If Quigley had seen where the Germans were, the command center could hopefully find a way to stop those guns. A cluster of other ghosts waited, crowding the warehouse until another circle was free to take their report. Dimmer flashes of living people walked through the room carrying stenographers’ reports or updated orders as the casualties poured in.
Ginger reminded her body to take a breath before she turned her attention back to the soldier. She pushed her soul farther out of her body. The relief sighed through Ginger as her mortal weight lessened. Her soul blended with the radiance around her, but there was not time to permit herself to drift in the spirit plane and delight in the tangible flow of spirits. “Show me, please.”
She reached out for Quigley and let his soul wrap around hers, dropping into his memories.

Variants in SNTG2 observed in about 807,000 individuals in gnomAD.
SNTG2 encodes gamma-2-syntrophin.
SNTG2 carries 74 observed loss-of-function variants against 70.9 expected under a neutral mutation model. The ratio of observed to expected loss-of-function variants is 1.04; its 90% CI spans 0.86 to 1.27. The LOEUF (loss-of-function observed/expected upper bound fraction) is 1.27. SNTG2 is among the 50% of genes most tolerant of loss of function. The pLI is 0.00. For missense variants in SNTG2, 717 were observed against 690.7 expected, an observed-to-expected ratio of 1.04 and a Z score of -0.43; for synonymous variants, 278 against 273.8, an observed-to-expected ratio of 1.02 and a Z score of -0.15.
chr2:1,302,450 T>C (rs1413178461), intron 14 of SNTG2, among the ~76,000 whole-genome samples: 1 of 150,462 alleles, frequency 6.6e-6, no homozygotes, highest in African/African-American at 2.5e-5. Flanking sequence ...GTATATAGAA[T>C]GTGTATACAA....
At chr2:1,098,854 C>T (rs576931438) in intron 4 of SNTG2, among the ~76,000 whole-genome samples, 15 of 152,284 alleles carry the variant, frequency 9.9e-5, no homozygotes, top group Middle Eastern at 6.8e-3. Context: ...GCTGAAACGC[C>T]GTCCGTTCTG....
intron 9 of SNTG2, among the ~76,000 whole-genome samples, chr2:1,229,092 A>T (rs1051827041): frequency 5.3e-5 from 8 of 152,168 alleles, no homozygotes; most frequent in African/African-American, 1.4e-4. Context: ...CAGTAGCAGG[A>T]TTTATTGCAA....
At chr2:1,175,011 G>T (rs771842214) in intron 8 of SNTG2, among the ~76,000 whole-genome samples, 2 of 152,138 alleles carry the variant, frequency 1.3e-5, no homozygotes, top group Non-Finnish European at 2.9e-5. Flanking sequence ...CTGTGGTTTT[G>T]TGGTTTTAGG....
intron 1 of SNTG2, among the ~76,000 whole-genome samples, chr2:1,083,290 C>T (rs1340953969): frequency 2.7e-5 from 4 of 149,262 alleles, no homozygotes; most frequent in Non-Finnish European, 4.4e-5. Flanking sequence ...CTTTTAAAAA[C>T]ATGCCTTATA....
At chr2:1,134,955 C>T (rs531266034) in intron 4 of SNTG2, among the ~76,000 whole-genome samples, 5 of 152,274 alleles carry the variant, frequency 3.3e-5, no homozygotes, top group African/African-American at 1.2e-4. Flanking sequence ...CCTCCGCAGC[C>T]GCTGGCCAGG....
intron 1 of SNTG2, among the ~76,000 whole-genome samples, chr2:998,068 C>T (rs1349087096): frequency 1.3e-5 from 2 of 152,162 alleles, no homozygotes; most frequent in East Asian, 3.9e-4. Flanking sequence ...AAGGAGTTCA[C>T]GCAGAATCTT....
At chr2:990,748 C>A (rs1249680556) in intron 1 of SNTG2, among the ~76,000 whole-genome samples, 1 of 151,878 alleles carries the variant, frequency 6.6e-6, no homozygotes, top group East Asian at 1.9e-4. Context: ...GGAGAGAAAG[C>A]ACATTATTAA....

He is leaning against a wall trying not to look at where his legs used to be. The pain is not as bad as he’d thought it would be, but he’d give anything for a drink of water. He is so thirsty. The blasted Huns have overrun their position and are setting up their guns behind the wall of what used to be a church. No proper respect, shelling a church like that. He blinks, trying to focus, but the world is starting to go grey around the edges. The Lance-Corporal had told them how important it was to the war effort to remember after death. There are five of them, three to handle the gun, plus another two to manage the horses that pulled it into place. The sound of the gun going off is deafening, but he’s too tired to flinch. It’s cold. It’s a relief after the oppressive July heat. But why is it cold? The gun fires again, and he stares at it, willing himself to remember. It’s a heavy field Howitzer — a five nine — and they look to be settling in to stay.